We’ve looked at local press coverage for UCLA already, now it’s time to go to our nation’s capital and examine the feature articles about the Georgetown Hoyas. The talent at the Washington Post is top-notch, with Michael Wilbon at the top of the heap, in my opinion. I am not so much a fan of Tony Kornheiser, either as a writer, or a football announcer. I just don’t dig the Shecky Green act. Sally Jenkins has the year-round Hoyas beat, and does a nice job as well.
The Post requires a login for their online edition, so don’t forget to use our AA login:
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I’d also be remiss if I didn’t point out that Ted at A Price Above Bip Roberts is a hee-yoooge Hoya fan (and an alum), and is writing about them all week in his blog. He also turned in an excellent feature on the unifying power college sports have on a diverse student body at College Rule Notebook.
But now we turn to the august halls and cubicles of the Washington Post, after the jump.
The Wash Post is not usually into warm and fluffy features, but their analysis is always good.
Camille Powell starts us off with an examination of the impact some non-star players have on the Hoyas’ fortunes: Can They Cut It? Key stat: “Georgetown trailed 75-65 with seven minutes left in regulation, but from that point on, the Hoyas outscored the Tar Heels by a 31-9 margin — and Green and Hibbert, the team’s top two scorers, accounted for just seven of those points.”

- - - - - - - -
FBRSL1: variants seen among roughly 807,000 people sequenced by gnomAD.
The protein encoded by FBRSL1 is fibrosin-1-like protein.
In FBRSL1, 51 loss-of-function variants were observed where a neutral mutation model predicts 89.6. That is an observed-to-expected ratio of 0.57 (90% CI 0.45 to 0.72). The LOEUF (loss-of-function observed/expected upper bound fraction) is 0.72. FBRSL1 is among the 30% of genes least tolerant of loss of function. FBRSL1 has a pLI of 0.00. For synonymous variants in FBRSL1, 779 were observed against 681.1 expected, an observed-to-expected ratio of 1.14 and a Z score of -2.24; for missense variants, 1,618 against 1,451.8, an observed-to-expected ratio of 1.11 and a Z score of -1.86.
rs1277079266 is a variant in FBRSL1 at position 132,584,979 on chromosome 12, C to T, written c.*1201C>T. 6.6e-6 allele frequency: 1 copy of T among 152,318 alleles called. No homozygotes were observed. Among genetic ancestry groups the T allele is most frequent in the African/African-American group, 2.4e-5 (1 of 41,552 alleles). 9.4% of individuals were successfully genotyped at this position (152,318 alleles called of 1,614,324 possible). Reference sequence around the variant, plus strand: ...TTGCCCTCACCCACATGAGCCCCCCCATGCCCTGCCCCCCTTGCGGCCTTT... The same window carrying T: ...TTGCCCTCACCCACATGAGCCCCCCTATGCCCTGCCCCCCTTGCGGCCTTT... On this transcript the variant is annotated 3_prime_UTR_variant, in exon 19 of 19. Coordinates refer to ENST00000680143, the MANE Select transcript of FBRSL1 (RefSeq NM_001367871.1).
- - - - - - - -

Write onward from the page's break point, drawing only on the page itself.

Michael Wilbon weighs in on the possibility that JT3 might be a better coach than his dad. His argument: If he is, it’s because his dad paved the way for it to happen.
Are you one of those people who wonders why black columnists talk about race a lot? Because crap like this happened in their lifetimes, and those of your parents.
Quite frankly, the Post’s coverage seems to be all about having famous parents, and how one deals with it. Sally Jenkins named her article after a movie with Daniel Day-Lewis. Quote: “You get the feeling, listening to Thompson III wax on about his tutelage under Pete Carril of Princeton, that there was a time when his father couldn’t tell him much of anything.”
The echoes of history are very strong in the Georgetown coverage, which is an interesting contrast to the UCLA coverage by the L.A. Times. While there is no direct link to John Wooden, Lew Alcindor, or Bill Walton on this UCLA team, those banners have to loom large.
In general, it’s amazing how many famous dads will be at this Final Four. Mike Conley for Ohio State; Big John Thompson, Patrick Ewing, and Doc Rivers for Gtown, Yannick Noah, Tito Horford, and Sidney Green for the Gators, and Joe Shipp temporarily leaving USC football on the back burner and rooting for his son Josh to win a basketball championship at UCLA.
Lots of Daddy issues getting played out on the hardwood tonight.